A former Major League pitching coach for the Astros and Kansas City Royals, Strom was with the Nationals/Expos for five seasons from 2002-2006 as Minor League pitching coordinator before joining the Cardinals, where Luhnow was vice president of scouting and player development.
Strom, 64, was the New York Mets’ first-round selection in the 1970 First-Year Player Draft. He owns a career mark of 22-39 with a 3.95 ERA in 100 career Major League games (75 starts) for the Mets (1972), Indians (1973) and Padres (1975-77). He graduated from USC with a degree in physical education and helped the Trojans to NCAA baseball championships in both 1968 and 1970.
The Astros underwent some roster housekeeping Wednesday, adding first baseman Jonathan Singleton to the 40-man roster and outrighting right-handed pitcher Philip Humber, catchers Cody Clark and Matt Pagnozzi and infielder Brandon Laird.
The club also claimed left-handed pitcher Raul Valdes on waivers from the Phillies, bringing the 40-man roster to 38 players.
Humber, who had his option for 2014 declined, Laird and Pagnozzi can all elect free agency due to prior outrights, and Clark will become a Minor League free agent following the conclusion of the World Series.
Valdes, 35, made 17 appearances, including one start, in two stints with the Phillies last season and went 1-1 with a 7.46 ERA. He was 4-5 record with a 2.86 ERA in 14 starts at Triple-A Lehigh Valley and held Major League left-handed hitters to a .229 batting average.
Valdes has pitched in parts of four Major League seasons with the Mets (2010), Cardinals (2011), Yankees (2011) and Phillies (2012-13) and owns a 4.94 ERA in 95 appearances.
Singleton, 22, who entered last season as the club’s No. 2 prospect by MLB.com, hit a combined .230 this year in 90 Minor League games across three levels with 17 doubles, 11 homers, 44 RBIs, 59 walks and a .351 on-base percentage.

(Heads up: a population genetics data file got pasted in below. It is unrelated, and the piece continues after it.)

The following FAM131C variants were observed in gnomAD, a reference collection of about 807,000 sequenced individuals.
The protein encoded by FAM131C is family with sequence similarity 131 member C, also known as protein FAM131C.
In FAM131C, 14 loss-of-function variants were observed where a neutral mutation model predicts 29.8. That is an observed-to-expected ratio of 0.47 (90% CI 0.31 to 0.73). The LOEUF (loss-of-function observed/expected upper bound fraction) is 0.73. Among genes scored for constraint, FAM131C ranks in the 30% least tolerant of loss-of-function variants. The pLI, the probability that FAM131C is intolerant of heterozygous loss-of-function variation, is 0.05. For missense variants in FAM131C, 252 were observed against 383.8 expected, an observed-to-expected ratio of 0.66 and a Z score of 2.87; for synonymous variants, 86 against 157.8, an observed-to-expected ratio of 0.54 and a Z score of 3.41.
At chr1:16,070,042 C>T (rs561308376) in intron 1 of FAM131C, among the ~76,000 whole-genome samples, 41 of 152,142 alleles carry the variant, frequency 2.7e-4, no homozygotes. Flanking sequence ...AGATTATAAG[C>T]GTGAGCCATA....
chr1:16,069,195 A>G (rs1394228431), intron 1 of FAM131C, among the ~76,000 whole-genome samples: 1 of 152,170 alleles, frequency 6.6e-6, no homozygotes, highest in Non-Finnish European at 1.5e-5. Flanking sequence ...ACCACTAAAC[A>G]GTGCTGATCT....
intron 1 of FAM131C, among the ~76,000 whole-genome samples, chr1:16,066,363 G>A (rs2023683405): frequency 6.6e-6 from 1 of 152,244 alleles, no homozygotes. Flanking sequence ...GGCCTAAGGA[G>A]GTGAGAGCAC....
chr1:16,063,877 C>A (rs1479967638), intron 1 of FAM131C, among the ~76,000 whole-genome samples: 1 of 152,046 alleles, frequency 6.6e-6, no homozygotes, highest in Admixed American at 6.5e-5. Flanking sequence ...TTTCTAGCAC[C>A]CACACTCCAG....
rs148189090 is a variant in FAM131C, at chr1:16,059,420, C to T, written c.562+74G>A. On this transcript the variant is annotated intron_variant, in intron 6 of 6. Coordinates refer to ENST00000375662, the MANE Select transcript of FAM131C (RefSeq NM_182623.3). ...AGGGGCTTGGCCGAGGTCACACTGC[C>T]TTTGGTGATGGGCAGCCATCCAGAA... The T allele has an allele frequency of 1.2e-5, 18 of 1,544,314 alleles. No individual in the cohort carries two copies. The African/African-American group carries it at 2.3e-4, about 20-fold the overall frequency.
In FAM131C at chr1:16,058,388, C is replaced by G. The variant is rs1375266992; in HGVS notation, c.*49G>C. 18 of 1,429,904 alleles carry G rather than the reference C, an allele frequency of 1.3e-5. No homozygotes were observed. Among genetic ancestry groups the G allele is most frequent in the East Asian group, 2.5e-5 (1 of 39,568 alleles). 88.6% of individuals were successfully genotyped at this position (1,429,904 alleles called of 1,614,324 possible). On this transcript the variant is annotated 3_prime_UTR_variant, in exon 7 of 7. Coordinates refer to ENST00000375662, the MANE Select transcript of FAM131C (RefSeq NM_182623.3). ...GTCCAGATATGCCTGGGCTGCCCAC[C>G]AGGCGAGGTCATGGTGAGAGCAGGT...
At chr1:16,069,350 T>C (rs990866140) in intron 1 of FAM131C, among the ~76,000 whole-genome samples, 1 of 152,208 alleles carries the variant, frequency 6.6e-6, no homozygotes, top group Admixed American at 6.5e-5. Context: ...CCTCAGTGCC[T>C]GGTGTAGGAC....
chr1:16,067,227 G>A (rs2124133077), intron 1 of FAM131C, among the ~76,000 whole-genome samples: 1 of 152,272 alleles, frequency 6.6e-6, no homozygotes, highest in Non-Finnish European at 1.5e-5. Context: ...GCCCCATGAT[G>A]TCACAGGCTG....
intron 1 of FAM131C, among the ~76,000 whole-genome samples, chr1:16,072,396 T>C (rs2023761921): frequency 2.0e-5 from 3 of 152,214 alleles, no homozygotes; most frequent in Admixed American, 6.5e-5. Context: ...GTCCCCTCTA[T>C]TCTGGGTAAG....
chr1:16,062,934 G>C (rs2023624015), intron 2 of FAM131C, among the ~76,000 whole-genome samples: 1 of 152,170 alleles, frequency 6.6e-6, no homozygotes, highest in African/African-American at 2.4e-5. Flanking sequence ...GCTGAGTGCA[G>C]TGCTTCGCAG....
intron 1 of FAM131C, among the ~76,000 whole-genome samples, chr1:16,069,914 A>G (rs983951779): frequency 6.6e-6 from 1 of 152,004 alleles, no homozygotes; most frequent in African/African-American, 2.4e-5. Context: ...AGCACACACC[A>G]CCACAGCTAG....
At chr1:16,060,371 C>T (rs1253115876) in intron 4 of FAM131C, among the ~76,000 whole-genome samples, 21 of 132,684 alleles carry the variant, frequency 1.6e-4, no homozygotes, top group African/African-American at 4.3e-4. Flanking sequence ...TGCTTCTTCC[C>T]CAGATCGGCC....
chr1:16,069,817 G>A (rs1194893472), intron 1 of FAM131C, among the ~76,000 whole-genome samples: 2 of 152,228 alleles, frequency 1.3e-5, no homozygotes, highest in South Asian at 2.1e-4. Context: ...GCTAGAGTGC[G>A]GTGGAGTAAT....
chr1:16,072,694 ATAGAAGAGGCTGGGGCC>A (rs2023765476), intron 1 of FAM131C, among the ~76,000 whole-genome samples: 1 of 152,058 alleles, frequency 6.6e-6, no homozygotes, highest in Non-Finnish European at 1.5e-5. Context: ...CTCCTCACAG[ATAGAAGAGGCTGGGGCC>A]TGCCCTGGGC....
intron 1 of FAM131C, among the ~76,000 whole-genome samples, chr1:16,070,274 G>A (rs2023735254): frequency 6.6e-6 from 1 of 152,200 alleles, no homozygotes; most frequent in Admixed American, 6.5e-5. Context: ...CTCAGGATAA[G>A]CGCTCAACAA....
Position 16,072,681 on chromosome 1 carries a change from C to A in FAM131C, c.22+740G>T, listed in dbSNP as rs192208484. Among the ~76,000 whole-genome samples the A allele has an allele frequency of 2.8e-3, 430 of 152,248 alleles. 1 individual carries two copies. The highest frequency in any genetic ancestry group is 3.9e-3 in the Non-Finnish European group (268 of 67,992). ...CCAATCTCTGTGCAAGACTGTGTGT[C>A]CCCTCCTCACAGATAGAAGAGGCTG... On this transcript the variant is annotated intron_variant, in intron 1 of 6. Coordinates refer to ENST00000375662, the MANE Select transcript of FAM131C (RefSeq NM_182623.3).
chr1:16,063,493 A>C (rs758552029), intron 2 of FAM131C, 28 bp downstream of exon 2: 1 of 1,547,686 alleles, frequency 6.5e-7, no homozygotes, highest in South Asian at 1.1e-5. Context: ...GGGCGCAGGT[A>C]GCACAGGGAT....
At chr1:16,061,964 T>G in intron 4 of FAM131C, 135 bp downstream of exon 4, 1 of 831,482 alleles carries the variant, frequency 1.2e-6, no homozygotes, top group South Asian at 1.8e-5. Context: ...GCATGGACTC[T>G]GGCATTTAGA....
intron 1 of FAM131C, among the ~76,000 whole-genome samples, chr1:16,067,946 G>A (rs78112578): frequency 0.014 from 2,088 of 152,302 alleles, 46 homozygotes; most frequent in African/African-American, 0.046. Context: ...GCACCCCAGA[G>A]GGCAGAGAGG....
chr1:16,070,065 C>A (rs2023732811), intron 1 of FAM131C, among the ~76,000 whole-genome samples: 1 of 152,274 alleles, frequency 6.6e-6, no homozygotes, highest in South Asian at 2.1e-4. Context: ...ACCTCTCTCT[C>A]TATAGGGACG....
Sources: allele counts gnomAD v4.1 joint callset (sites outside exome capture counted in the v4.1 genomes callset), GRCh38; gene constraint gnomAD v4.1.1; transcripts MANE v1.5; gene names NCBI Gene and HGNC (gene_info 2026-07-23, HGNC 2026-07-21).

He missed the first 50 games of the season because of a suspension following his second positive drug test. He played his last 73 games with Triple A-Oklahoma City and finished by hitting .250 with 19 RBIs and 22 walks for a .400 on-base percentage in August.
Humber, who had a $3 million option for 2014, appeared in 17 games, including starts at the beginning of the year in which he went 0-7 with an 8.82 ERA. The Astros took a low-risk gamble that the former Rice University star would thrive in the city in which he played college ball, but it didn’t work out.
Humber said last week he wants to continue to pitch.
“I’ve showed flashes of being as good as I’ve ever been,” he said. “I’m not hurt. I still enjoy coming to the park and I’m still relatively young . It’s one of those things that’s like, ‘Man, you walk away from it, are you going to look back and think I wish I could have kept going?’ There’s times in the past, I didn’t know if it was going to work out. It’s still fun. It beats working, you know?”
Clark, 33, appeared in 16 games for the Astros last season, making 10 starts behind the plate. Thrust into the Majors when the Astros lost back-up catchers Carlos Corporan and Max Stassi in a span of three days with concussions, Clark provided one of the year’s feel-good stories when he broke an 0-for-25 slump to start his career with a single.
Laird, 26, had two stints with Houston last season, appearing in 25 games. He had five homers and 11 RBI, and made 16 starts in what was his second season with the organization. Laird was originally claimed off waivers from the Yankees in September 2012.
Pagnozzi, 25, was acquired from Atlanta in exchange for cash considerations on Sept. 3 as the Astros were forced to add catching depth when starter Jason Castro hurt his knee. Pagnozzi appeared in nine games for Houston, making six starts.
Houston native Jackie Moore, who spent several years in the Astros organization as the manager at Triple-A Round Rock and later as Astros bench coach, said Wednesday he would like to stay in the game following his dismissal as dugout coach with the Texas Rangers.
“Baseball has been my life and I feel like I have a lot left,” Moore said. “The years I spent with the Astros were great, don’t get me wrong. I’m going to take a week off and lick my wounds and clear my head a little bit. I’m not ready to give up the game of baseball because I know I can’t stay home. I need to stay active. I know I have a great relationship with the Ryans. At this time, I’m going to sit back and think things over.”